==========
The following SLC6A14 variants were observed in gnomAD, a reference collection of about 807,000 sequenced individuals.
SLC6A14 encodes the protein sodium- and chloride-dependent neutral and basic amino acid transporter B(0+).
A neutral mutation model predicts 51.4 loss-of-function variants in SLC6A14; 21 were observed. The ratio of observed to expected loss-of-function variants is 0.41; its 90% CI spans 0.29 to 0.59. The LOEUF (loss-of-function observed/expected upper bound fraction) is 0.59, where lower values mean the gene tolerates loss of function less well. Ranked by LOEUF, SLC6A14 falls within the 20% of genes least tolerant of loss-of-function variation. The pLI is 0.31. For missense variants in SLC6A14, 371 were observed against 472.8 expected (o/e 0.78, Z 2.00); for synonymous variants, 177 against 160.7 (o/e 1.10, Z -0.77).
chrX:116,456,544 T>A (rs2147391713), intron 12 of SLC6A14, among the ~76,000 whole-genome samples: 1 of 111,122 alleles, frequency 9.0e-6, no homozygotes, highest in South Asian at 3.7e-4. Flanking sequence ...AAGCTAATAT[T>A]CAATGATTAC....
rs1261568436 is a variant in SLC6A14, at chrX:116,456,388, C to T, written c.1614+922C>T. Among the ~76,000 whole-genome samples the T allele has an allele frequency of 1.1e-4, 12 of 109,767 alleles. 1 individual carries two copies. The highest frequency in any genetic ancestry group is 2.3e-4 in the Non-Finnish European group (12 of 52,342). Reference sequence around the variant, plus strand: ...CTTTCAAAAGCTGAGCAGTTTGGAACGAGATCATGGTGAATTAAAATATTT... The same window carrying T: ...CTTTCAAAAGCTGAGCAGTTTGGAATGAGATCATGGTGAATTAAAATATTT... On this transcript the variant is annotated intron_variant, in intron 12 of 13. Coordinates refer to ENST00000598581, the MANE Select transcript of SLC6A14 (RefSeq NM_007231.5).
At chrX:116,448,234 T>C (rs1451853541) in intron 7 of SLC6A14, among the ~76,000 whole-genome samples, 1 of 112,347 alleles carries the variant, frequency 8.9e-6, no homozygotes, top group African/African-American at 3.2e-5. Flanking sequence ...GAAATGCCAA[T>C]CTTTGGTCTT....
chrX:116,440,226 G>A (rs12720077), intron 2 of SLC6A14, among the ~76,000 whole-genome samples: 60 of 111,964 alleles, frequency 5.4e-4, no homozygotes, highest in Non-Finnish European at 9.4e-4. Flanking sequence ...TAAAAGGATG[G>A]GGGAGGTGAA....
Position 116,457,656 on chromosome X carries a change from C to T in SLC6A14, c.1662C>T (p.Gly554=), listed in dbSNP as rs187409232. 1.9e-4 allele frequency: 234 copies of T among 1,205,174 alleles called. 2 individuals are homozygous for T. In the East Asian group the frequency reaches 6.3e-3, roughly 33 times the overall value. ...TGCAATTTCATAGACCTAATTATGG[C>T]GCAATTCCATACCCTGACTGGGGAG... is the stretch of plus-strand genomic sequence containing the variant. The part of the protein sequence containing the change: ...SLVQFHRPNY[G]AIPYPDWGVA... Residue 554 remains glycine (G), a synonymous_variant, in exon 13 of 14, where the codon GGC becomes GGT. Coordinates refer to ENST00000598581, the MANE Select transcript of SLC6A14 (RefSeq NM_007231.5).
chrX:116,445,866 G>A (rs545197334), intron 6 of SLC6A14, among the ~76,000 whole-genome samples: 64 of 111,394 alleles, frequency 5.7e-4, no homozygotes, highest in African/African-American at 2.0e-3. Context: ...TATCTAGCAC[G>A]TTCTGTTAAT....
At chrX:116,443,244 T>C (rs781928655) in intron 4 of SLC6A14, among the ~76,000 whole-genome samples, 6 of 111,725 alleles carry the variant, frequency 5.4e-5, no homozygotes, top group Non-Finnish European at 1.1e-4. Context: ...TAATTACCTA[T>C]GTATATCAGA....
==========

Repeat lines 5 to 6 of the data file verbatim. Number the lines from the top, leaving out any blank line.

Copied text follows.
rs1261568436 is a variant in SLC6A14, at chrX:116,456,388, C to T, written c.1614+922C>T. Among the ~76,000 whole-genome samples the T allele has an allele frequency of 1.1e-4, 12 of 109,767 alleles. 1 individual carries two copies. The highest frequency in any genetic ancestry group is 2.3e-4 in the Non-Finnish European group (12 of 52,342). Reference sequence around the variant, plus strand: ...CTTTCAAAAGCTGAGCAGTTTGGAACGAGATCATGGTGAATTAAAATATTT... The same window carrying T: ...CTTTCAAAAGCTGAGCAGTTTGGAATGAGATCATGGTGAATTAAAATATTT... On this transcript the variant is annotated intron_variant, in intron 12 of 13. Coordinates refer to ENST00000598581, the MANE Select transcript of SLC6A14 (RefSeq NM_007231.5).
At chrX:116,448,234 T>C (rs1451853541) in intron 7 of SLC6A14, among the ~76,000 whole-genome samples, 1 of 112,347 alleles carries the variant, frequency 8.9e-6, no homozygotes, top group African/African-American at 3.2e-5. Flanking sequence ...GAAATGCCAA[T>C]CTTTGGTCTT....